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Research Article

JCDR. 2021; 12(5): 15-21


IS THROMBOCYTOPENIA A RISK FACTOR FOR SEPSIS IN NEONATES? : A PROSPECTIVE STUDY

Dr. Ravindra S. Sonawane, Dr. Neha R. Kulkarni,Dr. Sagar V. Sonawane,Dr. Akshay N. Patil.


Abstract

Background:Neonatal Sepsis is a systemic inflammatory response to infection and/or isolation of bacteria from the blood stream in the first 28 days of life.Thrombocytopenia, defined asplatelet count below 150×109/L, is a frequent problem in neonatal intensive care units, confounding the clinical course in 22–35% of intensive care admissions.Sepsis is the commonest cause of neonatal mortality; it is responsible for about 30-50% of the total neonatal deaths in developing countries.
Objectives: The aim of this study is to analyze the possible risk factors for neonatal thrombocytopenia, its association with neonatal sepsis and the outcome of neonatal sepsis.
Methods: This is a prospective study conducted on 68 babies in NICU of a tertiary care centre. The babies admitted in the NICU with platelet count below 150×109/L were taken into consideration. The study included consent by parents/guardian, data collection by meticulous history taking and clinical examination, appropriate laboratory investigations followed by statistical correlations.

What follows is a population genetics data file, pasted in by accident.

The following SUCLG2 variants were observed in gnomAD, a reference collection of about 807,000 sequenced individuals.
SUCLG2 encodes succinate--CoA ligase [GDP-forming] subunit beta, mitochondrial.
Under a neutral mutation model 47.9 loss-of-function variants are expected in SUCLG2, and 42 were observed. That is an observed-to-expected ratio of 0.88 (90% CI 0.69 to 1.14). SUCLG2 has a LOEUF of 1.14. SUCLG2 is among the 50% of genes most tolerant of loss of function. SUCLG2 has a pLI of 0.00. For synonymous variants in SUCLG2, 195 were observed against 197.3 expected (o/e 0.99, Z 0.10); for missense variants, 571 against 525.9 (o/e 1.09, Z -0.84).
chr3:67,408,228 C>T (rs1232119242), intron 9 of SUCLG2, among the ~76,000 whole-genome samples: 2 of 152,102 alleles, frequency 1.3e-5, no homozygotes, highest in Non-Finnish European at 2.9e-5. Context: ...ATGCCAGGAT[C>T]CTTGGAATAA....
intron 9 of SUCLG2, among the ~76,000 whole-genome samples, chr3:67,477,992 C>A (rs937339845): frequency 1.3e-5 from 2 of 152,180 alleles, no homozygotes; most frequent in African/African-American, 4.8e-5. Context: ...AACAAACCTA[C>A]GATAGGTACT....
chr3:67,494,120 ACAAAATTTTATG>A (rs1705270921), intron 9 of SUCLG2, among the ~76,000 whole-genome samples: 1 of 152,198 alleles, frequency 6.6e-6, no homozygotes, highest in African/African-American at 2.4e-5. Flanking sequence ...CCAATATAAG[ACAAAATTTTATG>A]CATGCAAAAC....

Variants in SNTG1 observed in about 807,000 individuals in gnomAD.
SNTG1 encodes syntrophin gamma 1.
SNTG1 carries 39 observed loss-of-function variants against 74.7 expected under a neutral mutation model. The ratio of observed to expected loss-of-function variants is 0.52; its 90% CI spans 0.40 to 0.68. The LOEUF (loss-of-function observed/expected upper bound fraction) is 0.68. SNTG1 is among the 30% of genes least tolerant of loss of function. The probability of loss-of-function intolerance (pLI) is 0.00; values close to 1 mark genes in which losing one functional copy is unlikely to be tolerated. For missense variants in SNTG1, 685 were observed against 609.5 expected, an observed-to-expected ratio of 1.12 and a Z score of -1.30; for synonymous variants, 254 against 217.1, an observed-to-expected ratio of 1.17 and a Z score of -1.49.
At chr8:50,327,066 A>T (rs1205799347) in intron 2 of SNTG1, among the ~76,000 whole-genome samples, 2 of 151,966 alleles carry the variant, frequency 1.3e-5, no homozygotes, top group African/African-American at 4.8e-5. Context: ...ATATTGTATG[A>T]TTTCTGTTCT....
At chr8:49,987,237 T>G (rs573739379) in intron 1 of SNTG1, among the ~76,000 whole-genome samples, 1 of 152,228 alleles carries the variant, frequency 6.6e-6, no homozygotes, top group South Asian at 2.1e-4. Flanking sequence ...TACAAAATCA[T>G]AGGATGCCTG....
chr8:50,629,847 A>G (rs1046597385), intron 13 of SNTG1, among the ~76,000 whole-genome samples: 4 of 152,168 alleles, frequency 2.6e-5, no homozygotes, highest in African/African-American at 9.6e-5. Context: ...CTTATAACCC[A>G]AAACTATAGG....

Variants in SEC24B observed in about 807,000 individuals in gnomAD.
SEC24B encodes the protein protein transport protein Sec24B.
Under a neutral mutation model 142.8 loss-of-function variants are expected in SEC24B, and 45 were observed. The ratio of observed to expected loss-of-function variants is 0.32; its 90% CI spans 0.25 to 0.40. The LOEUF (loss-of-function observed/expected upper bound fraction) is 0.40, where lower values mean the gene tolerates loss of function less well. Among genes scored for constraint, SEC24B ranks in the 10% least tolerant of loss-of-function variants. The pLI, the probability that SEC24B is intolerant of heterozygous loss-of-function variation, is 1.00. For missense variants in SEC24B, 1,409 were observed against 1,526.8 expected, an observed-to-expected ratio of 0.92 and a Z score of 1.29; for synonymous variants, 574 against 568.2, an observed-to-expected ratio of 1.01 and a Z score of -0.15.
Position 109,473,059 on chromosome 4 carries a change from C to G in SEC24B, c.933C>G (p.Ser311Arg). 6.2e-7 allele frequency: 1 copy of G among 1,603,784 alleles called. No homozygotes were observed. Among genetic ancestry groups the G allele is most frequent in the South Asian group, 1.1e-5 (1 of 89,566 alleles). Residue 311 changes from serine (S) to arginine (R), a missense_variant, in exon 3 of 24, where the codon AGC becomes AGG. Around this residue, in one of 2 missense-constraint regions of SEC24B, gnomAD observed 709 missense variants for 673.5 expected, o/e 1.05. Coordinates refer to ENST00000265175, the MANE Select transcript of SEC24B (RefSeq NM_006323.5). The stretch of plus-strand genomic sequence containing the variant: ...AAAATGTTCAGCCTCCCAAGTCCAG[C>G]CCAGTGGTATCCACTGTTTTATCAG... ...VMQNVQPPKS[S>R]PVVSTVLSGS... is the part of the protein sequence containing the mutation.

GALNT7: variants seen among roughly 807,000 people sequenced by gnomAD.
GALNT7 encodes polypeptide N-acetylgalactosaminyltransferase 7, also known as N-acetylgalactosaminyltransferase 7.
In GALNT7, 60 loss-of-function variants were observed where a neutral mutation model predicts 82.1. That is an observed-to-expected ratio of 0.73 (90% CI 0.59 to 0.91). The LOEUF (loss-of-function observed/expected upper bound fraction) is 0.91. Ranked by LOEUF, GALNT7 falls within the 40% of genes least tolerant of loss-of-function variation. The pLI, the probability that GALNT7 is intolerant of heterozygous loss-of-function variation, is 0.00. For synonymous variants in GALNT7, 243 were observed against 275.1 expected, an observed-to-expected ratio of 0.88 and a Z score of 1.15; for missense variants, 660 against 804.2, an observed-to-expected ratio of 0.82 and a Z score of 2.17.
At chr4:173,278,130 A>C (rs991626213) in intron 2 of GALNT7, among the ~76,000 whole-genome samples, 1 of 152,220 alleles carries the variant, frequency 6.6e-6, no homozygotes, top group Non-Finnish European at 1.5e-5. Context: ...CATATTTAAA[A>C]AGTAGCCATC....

Results:Study was conducted with 68 neonates having platelet countbelow 150×109/L. Risk factors of neonatal thrombocytopenia involved maternal factors like pre-eclampsia/ pregnancy induced hypertension, premature rupture of membranes, meconium stained liquor, multiparity as well as fetal factors like low birth weight, prematurity, birth asphyxia etc.There was male predominance (70%) amongst study population.Most of the study population had severe thrombocytopenia (47%) followed by moderate thrombocytopenia (42%) and mild thrombocytopenia (11%). 82.4% of study population survived while death occurred in 17.6%.
Conclusion:The present study concludes thatthere is an association of neonatal thrombocytopenia and sepsis. Thrombocytopenia is an earliest indicator as well as a prognostic marker of neonatal sepsis. Most common etiological factors include PROM, low birth weight, prematurity, maternal GBS colonization, birth asphyxia, PIH, multiple gestation, chorioamnionitis and invasive procedures. Starting of empirical antibiotics becomes the mainstay of the treatment. If managed early and effectively, neonatal sepsis has promising outcomes.

Key words: Early onset sepsis, Late onset sepsis, Neonatal Thrombocytopenia






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